Oral sex may be a risk factor for nongonococcal urethritis (NGU), one of the most common sexually transmitted diseases affecting both men and women, according to a new study in the February 1 issue of the Journal of Infectious Diseases, now available online.
The study, by Australian researchers Catriona Bradshaw, MD, and colleagues at the Melbourne Sexual Health Centre, is the first major case-control study to simultaneously address all currently hypothesized causes of NGU. The findings help to identify areas for future research on the causes of NGU, and suggest that treatment decisions should be based on clinical features of the disease—not just microscopic assessment. The study also is the first to demonstrate that the causes of NGU in men who have sex with other men are similar to those found in heterosexual men.
NGU is caused by a number of different organisms (most notably, Chlamydia trachomatis) and may lead to pelvic inflammatory disease, infertility, and chronic pelvic pain. Though the cause of NGU is sometimes known, and antibiotics (azithromycin or tetracycline) are generally effective, about half of all cases have no identifiable cause – a fact that makes treatment frustrating and uncertain for physicians and patients. Results of previous studies show that Chlamydia trachomatis causes between 30 percent to 50 percent of cases of NGU and Mycoplasma genitalium, 10 percent to 30 percent.
From March 2004 to March 2005, the Melbourne team studied 329 men with NGU and 307 men without symptoms of urethritis. All subjects were given a sexual practice questionnaire. The men in the study underwent a urethral smear, and provided a first-stream urine specimen, which was tested for pathogens that may have caused NGU.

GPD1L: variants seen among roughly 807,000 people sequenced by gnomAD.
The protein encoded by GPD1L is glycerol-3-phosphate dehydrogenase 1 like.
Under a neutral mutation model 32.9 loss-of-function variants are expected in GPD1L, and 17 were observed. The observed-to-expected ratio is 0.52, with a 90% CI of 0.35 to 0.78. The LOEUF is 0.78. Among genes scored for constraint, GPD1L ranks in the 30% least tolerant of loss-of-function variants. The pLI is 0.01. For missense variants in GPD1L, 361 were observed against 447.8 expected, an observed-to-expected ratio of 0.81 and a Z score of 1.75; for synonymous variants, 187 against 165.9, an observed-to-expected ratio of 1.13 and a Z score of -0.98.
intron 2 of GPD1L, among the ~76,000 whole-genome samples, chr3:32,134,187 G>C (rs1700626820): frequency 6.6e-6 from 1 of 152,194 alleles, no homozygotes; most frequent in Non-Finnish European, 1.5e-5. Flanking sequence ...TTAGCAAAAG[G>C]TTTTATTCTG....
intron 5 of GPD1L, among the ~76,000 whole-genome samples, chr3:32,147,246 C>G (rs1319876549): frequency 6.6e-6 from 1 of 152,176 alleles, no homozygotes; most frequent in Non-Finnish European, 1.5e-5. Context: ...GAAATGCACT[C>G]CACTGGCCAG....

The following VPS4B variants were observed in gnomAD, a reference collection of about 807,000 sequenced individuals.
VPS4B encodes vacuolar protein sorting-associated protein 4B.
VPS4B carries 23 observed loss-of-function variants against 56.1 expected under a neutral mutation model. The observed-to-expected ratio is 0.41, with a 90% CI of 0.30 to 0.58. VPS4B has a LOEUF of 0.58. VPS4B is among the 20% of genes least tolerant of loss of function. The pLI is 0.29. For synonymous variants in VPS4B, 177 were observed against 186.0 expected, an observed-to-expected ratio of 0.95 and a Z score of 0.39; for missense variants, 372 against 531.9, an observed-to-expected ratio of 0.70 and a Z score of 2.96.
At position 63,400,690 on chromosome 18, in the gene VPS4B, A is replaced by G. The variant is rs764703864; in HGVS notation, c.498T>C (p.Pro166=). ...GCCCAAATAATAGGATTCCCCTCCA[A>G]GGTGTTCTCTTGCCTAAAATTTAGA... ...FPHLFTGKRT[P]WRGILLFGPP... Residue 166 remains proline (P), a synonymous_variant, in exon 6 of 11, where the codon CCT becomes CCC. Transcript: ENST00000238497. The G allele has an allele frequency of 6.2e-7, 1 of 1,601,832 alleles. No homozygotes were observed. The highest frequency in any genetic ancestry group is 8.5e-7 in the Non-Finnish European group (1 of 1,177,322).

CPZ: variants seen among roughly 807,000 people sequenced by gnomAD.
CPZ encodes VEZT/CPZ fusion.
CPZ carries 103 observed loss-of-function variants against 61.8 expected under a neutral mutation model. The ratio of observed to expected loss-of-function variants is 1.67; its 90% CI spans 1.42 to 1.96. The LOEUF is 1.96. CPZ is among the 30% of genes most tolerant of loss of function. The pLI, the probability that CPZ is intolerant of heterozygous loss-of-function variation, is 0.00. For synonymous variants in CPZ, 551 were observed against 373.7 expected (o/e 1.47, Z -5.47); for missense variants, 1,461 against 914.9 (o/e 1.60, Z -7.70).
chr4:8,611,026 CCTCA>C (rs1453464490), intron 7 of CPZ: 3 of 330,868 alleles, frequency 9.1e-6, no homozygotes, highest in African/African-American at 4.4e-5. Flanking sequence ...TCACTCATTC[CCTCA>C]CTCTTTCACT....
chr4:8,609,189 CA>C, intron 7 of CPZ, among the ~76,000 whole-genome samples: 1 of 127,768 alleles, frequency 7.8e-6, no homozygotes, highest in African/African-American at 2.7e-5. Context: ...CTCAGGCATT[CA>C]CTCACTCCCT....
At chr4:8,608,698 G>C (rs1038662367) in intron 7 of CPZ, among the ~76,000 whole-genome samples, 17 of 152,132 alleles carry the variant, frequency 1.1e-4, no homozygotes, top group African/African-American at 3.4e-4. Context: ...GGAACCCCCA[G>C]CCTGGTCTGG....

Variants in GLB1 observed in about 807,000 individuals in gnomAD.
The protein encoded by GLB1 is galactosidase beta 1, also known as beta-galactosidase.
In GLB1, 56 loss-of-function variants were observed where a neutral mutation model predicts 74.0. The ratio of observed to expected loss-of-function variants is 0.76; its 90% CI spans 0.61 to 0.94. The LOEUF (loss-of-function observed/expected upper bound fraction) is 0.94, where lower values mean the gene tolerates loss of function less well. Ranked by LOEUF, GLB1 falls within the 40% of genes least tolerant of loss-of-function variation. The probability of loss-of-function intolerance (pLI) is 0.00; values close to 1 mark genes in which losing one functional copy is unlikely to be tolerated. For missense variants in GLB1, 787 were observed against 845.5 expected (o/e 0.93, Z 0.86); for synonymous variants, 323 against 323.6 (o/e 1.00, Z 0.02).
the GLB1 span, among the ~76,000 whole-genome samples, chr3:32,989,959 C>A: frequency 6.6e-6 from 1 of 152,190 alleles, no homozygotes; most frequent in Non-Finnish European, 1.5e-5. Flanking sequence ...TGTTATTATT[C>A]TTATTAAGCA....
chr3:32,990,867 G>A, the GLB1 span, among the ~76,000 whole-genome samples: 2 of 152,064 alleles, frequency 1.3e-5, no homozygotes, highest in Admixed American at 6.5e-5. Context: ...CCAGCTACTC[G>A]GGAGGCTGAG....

Chlamydial infection was common in both heterosexual and homosexual men with NGU (22 percent and 15 percent, respectively) and was far more common than in control groups. C. trachomatis and M. genitalium were associated with unprotected vaginal sex. M. genitalium (9 percent), adenoviruses (4 percent), and herpes simplex type 1 (2 percent) were more common in NGU patients than in controls, after adjusting for age and risk, which suggests that these organisms may be causes of NGU.
Adenoviruses and herpes simplex type 1 were associated with oral sex and sex between male partners, suggesting that oral-genital contact may be an important mechanism of NGU pathogen transmission. Additionally, NGU was associated with history of oral sex with new partners. Together, these findings suggest that fellatio plays a significant role as a cause of the syndrome.
In an accompanying editorial, H. Hunter Handsfield, MD, of the Battelle Center for Public Health Research and Evaluation and the University of Washington, called the landmark Melbourne study “a good interim step” whose findings “significantly advance the field,” but points out that many important questions remain yet to be answered.
The study provides important insight for both heterosexual and homosexual men, as it indicates that NGU may be caused by otherwise harmless organisms shared by monogamous partners. According to Handsfield, this finding may influence clinical management of partners and counseling of couples. In addition, oral sex was associated with NGU in which no pathogen was detected, indicating that there are causes of NGU that have yet to be identified. The study also found that type 1 herpes simplex virus (HSV-1), the usual cause of oral herpes (cold sores), accounted for more NGU cases than did HSV-2; that herpetic NGU was most commonly associated with fellatio; and that up to a third of NGU cases associated with known pathogens were not associated with increased numbers of white blood cells in urethral secretions.
Founded in 1904, The Journal of Infectious Diseases is the premier publication in the Western Hemisphere for original research on the pathogenesis, diagnosis, and treatment of infectious diseases; on the microbes that cause them; and on disorders of host immune mechanisms. Articles in JID include research results from microbiology, immunology, epidemiology, and related disciplines. JID is published under the auspices of the Infectious Diseases Society of America (IDSA). Based in Alexandria, Va., IDSA is a professional society representing about 8,000 physicians and scientists who specialize in infectious diseases. For more information, visit www.idsociety.org.
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